Poetry is an art form in which language is used for its aesthetic value. To know what is poetry and different kinds of poems, read on.

Different Types Of Poems

Nearly all of you must have heard about poetry, irrespective of the fact whether someone enjoys it or not. As for those, who still wonder what poetry is; it's actually a form of literary art, which utilizes language for its aesthetic and evocative properties. Poems can exist both independently or even in concurrence with other parts, such as poetic drama, hymns or lyrics. Initially, poetry was expressed in different forms of speech as rhetoric, drama, song and comedy. Over the time, different cultures have developed varied types of poetic forms.
With regard to its history, it even predates literacy. The oldest surviving poem is the Epic of Gilgamesh, belonging to the 3rd millennium BC in Sumer (in Mesopotamia, now Iraq). It was written in cuneiform script on clay tablets and later, papyrus. Poetry is classified into different forms, based on a number of loosely structured rules of an elegy to a highly formalized structure of the ghazal or villanelle. The different poetic forms are as follows.
It is the most common form of poetry, which originated in thirteenth century and consisted of fourteen lines in a set rhyme scheme and logical structure. Sonnets are generally associated with love poetry and often employ a poetic diction heavily based on vivid imagery. Shakespeare's sonnets are the most renowned in English poetry, 20 of which are included in the Oxford Book of English Verse.
Jintishi is a Chinese poetic form, which is based on a series of set tonal patterns.  It employs four tones of the classical Chinese language in each couplet, i.e. the level, rising, falling and entering tones. The fundamental jintishi form has eight lines in four couplets, with parallelism between the lines in the second and third couplet. Moreover, there are several variations on the basic form of the jintishi.
Villanelle is a nineteen-line poem, which comprises of five triplets with a closing quatrain. The poem also has two refrains, which are initially used in the first and third lines of the first stanza. Alternatively, they are used at the close of each subsequent stanza until the final quatrain. The conclusion is achieved by two refrains. The rest of the lines in the poem have an alternating a-b rhyme.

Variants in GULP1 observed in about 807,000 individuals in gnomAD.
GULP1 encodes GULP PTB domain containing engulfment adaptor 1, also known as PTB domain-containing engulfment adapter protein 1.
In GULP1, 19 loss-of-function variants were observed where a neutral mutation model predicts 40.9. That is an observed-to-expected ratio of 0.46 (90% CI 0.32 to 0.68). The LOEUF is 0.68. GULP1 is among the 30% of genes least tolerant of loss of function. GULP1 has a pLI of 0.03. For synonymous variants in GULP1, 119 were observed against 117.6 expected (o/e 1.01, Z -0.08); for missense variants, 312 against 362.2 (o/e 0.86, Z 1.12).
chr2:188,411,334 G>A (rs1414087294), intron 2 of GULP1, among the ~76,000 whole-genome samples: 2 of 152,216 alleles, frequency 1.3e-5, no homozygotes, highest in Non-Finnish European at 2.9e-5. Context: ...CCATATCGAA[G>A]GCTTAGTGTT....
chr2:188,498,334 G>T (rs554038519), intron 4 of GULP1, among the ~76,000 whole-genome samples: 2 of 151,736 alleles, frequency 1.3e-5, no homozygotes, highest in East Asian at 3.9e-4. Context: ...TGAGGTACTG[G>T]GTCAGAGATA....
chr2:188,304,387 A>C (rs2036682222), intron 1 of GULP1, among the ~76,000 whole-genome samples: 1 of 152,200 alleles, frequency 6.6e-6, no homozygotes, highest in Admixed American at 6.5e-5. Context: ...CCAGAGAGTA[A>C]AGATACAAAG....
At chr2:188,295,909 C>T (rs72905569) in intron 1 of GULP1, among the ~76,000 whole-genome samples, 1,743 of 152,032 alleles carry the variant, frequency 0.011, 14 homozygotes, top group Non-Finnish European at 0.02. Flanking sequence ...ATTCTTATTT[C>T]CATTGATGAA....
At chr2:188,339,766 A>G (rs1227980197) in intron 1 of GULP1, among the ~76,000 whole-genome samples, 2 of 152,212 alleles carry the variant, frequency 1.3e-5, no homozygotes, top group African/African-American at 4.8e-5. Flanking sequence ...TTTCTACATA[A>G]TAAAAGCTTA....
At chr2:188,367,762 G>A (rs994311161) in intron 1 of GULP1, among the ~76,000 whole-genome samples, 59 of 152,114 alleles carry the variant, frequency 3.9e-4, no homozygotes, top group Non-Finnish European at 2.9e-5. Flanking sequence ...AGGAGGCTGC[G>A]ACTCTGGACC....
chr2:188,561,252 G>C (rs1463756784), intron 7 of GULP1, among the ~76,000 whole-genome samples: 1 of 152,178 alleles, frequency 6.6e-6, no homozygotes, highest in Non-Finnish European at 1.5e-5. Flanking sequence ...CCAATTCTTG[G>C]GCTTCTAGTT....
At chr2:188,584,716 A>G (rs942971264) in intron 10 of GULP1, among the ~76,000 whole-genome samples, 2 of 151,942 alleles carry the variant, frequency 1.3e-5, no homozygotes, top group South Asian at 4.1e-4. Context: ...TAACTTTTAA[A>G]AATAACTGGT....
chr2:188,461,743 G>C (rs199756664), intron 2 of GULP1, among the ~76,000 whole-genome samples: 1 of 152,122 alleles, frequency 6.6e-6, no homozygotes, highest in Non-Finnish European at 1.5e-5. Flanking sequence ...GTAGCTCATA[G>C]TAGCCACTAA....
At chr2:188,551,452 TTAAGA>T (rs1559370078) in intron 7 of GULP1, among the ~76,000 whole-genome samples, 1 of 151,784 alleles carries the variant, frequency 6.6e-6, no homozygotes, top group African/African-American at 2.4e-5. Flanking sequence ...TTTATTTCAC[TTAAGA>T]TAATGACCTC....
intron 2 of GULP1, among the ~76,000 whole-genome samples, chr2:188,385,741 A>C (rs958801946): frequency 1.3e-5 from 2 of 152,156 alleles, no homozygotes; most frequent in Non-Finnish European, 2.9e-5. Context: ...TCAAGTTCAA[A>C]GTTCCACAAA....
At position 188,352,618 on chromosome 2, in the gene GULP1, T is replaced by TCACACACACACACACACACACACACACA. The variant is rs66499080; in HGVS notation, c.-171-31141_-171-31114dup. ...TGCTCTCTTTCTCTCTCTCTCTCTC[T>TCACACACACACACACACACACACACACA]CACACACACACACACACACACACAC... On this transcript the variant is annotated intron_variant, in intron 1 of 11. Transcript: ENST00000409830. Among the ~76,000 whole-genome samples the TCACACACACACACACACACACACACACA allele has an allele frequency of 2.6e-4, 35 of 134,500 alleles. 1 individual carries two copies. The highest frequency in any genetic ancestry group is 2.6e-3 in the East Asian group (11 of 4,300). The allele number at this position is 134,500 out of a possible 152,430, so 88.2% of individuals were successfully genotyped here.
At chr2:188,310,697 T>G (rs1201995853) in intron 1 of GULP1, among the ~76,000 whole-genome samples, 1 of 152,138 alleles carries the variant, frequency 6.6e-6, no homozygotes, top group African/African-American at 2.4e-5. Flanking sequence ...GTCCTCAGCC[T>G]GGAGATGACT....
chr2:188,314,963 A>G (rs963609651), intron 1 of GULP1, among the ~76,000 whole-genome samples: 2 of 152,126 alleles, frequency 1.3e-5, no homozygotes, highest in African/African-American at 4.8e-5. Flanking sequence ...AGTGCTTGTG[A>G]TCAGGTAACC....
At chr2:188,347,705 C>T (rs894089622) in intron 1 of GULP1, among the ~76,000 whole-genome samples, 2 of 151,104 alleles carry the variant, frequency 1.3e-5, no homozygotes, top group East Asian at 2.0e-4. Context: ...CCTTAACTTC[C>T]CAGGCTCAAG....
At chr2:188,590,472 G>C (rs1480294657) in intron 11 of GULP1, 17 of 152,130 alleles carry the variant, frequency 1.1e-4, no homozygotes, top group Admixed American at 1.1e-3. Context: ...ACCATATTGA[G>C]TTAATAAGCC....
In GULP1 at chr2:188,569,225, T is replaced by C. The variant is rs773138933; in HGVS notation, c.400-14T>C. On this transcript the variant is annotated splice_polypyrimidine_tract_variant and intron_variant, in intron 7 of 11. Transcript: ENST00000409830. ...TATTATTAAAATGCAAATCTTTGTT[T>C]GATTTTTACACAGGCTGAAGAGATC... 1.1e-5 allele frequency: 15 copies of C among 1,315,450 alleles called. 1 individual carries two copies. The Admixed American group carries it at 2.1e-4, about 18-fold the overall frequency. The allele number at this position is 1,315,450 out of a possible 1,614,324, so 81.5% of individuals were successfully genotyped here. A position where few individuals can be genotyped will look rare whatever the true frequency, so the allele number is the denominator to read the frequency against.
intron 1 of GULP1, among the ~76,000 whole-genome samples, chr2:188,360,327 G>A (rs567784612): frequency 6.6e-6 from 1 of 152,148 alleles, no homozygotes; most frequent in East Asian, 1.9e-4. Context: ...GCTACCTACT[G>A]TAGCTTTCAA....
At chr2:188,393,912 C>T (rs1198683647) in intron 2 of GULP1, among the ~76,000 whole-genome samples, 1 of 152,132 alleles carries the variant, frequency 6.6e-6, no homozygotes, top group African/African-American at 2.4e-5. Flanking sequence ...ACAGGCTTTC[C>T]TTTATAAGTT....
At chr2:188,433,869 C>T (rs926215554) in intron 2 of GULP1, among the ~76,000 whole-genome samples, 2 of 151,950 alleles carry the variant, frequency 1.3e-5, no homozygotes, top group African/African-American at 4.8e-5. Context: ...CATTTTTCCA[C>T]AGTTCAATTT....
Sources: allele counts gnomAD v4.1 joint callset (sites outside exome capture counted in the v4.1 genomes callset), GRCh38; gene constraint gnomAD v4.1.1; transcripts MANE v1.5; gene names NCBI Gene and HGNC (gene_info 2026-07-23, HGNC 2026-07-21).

Haiku is a popular unrhymed Japanese poetic form. It evolved in the 17th century from hokku or opening verse of a renku. It is generally written in a single vertical line, containing three sections totaling 17 onji, structured in a 5 -7-5 pattern. The most renowned advocate of the haiku was Matsuo Bashô.
Ruba'i is a four-line verse or quatrain, which is practiced by Arabian and Persian poets. Persian poet Omar Khayyam was famous for his rubaiyat, the collection of quatrains. In fact, the notable English renderings of the Rubaiyat of Omar Khayyam were produced by Edward Fitzgerald.
Odes were developed in ancient Greek by poet writings such as Pindar and in Latin, such as Horace. An ode generally has three parts; a strophe, an antistrophe and an epode. They usually have a formal poetic diction and deal with a serious subject. The strophe and antistrophe look at the subject from diverse opinions, often conflicting perspectives. Moreover, the epode moves to a higher level to either view or resolve the underlying issues.

The ghazal is a common form of poetry used in Arabic, Persian, Urdu and Bengali. Classic ghazals consist of five to fifteen rhyming couplets that share a refrain at the end of the second line. Each line follows an identical meter and represents a set pattern of rhymes in the first couplet and among the refrains.

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